Types of Engagement: Thick, Thin, and Conventional

The Types of Engagement model describes three foundational forms of civic engagement and participation—thick, thin, and conventional—and some of the strengths and weaknesses of each approach

In an effort to bring greater clarity to terms such as “participatory democracy,” “public participation,” or “civic engagement,” the scholar, practitioner, and writer Matt Leighninger developed the Types of Engagement model, which describes three common forms of engagement, which Leighninger calls thick, thin, and conventional. Leighninger’s descriptions offer a useful framework for understanding the varieties of participation available to local leaders, organizers, and facilitators, as well as some of the positive and negative features of each option.

“Defining public participation is a challenge. The term encompasses a wide array of activities and processes, which makes it confusing for both civil servants who are simply trying to understand their responsibilities and for citizens who may have never attended a public meeting. To understand participation, we must not only define the term, but also explore some of its variations.”

Tina Nabatchi and Matt Leighninger, Public Participation for 21st Century Democracy

In his 2014 article “What We’re Talking About When We Talk About the ‘Civic Field’ (And Why We Should Clarify What We Mean),” Leighninger argues that a lack of definitional clarity can undermine the goals and benefits of participatory forms of engagement. Without common definitions or a sufficient level of shared understanding, people are more likely to misunderstand or debate the purpose, value, and methods of engagement. For local leaders who need a simplifying framework that will help participants better understand what engagement is and how it works, Leighninger’s model clearly and succinctly describes some of the problems and practices of participatory engagement.

The Types of Engagement Model

To understand participatory engagement, it’s helpful to begin with the distinction between direct and indirect forms of participation in democratic systems or public processes. Indirect participation takes the form of electoral voting, financial contributions to political campaigns, political protests, corporate lobbying, and other activities that indirectly affect the outcomes of democratic processes by either (1) influencing the makeup of representative legislatures or (2) influencing the elected representatives who determine public policy.

As Matt Leighninger and his co-author, Tina Nabatchi, write in Public Participation for 21st Century Democracy, direct participation encompasses “activities by which people’s concerns, needs, interests, and values are incorporated into decisions and actions on public matters and issues.”

Matt Leighninger's Types of Engagement model describes three foundational forms of civc engagement: thick, thin, and conventional.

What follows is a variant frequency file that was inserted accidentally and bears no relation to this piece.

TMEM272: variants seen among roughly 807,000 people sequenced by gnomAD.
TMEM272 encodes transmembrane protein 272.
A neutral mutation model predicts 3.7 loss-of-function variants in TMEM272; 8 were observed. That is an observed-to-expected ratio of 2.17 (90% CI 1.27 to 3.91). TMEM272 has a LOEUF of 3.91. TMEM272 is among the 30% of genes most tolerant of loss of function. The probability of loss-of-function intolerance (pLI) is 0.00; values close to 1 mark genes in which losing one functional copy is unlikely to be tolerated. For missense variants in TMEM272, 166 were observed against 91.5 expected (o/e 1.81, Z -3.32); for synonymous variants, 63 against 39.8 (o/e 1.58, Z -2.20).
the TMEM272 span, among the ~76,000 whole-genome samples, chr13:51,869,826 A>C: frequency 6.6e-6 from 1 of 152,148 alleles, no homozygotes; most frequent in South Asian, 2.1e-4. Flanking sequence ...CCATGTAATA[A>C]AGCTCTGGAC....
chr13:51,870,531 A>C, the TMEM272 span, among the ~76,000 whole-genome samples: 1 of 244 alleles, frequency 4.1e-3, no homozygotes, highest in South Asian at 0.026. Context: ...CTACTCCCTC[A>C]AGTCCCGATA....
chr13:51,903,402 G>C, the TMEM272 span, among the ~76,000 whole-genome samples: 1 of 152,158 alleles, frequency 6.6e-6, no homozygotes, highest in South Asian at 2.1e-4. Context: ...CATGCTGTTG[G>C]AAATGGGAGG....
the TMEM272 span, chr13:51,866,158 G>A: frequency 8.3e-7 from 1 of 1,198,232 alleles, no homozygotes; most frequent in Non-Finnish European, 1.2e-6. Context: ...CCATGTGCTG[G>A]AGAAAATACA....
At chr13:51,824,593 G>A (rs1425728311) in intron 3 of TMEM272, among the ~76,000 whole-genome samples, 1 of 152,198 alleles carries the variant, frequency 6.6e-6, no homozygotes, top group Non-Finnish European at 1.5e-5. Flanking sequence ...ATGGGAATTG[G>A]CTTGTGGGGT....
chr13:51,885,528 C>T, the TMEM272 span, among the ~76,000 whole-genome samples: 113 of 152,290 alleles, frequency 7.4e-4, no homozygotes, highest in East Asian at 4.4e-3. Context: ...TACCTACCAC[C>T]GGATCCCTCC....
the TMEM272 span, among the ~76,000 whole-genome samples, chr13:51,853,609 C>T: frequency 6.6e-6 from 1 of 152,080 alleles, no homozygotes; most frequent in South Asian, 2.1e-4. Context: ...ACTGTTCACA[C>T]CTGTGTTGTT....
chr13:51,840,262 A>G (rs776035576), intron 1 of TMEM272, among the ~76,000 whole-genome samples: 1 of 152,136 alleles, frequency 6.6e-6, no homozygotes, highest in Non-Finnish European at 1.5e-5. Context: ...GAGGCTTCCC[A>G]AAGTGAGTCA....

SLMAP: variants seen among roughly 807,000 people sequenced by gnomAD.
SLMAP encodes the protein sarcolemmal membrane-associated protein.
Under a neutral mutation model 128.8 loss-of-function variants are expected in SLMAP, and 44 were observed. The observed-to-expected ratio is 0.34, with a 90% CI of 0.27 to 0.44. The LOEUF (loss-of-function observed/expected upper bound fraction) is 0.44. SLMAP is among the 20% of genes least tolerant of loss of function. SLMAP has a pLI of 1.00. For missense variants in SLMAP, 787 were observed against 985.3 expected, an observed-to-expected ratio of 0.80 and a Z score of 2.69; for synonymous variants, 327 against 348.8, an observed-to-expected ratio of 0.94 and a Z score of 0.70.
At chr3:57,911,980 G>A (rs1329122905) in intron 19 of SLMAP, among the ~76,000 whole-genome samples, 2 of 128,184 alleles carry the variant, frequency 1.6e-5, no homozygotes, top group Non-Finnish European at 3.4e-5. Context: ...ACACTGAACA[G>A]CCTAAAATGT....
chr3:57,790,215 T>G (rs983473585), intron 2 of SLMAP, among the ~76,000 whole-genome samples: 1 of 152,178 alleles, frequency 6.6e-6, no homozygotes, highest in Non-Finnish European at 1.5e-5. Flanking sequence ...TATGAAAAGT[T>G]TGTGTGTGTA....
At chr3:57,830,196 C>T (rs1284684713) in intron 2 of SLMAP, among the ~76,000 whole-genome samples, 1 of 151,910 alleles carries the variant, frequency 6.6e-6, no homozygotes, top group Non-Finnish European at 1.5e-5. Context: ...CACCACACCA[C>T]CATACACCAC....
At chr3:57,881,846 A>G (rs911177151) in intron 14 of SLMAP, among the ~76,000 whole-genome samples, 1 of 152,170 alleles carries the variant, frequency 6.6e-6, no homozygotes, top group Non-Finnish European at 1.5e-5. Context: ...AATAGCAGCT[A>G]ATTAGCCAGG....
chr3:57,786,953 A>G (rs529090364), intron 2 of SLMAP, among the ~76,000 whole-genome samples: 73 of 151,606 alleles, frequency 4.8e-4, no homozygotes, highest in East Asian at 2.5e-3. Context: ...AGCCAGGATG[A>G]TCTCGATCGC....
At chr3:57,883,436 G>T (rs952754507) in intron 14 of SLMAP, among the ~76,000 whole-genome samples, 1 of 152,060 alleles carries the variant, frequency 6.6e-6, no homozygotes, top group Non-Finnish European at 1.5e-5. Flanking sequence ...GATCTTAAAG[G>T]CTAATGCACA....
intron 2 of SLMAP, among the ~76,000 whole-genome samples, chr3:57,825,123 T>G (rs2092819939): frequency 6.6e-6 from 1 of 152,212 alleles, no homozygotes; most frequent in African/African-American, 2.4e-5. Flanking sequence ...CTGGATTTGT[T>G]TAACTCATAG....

It is important for local leaders to choose an engagement strategy or format that is appropriate to the task at hand. Thick engagement can be executed poorly, and it’s possible for conventional to be done well. As Leighninger writes in his planning guide, “Thick, thin, and conventional engagement have different strengths and limitations, and they complement each other well. All of them could be part of an effective ‘multichannel’ system for engagement. Unfortunately, most communities do not treat engagement as a regular, sustained part of community life. People think of it mainly as a way to make big decisions and big plans—and because those things are usually done in conventional ways, residents often do not think positively about engagement. Taking stock of how engagement is working—the channels you have and the ones you want—can be helpful for creating a better system of engagement.” Image source: Strengthening and Sustaining Public Engagement in Vermont: A Planning Guide for Communities

The Types of Engagement model describes three common forms of direct participation:

1. Thick Engagement

Leighninger writes in a planning guide he wrote for Public Agenda that “thick engagement is more intensive, informed, and deliberative. Most of the action happens in small-group discussion. Organizers assemble large and diverse numbers of people; give participants chances to share their experiences; present them with a range of views or policy options; and encourage action and change at multiple levels.”

In the field of public participation, scholars and practitioners typically view thick engagement as the most desirable form of democratic participation in public decision-making, given that participants—whether it’s youth, families, and community members—generally have a much greater impact on the outcome of a democratic process. Thick forms of engagement can also be more inspiring, motivating, and even personally transformative for participants and communities, given that a thick engagement process creates opportunities for participants to listen and learn from others (including people from different cultural backgrounds or those with whom they may disagree), collaborate with others to achieve goals or compromises, and be involved in a democratic decision-making process that is more meaningful, fulfilling, and rewarding than participation in a typical electoral process.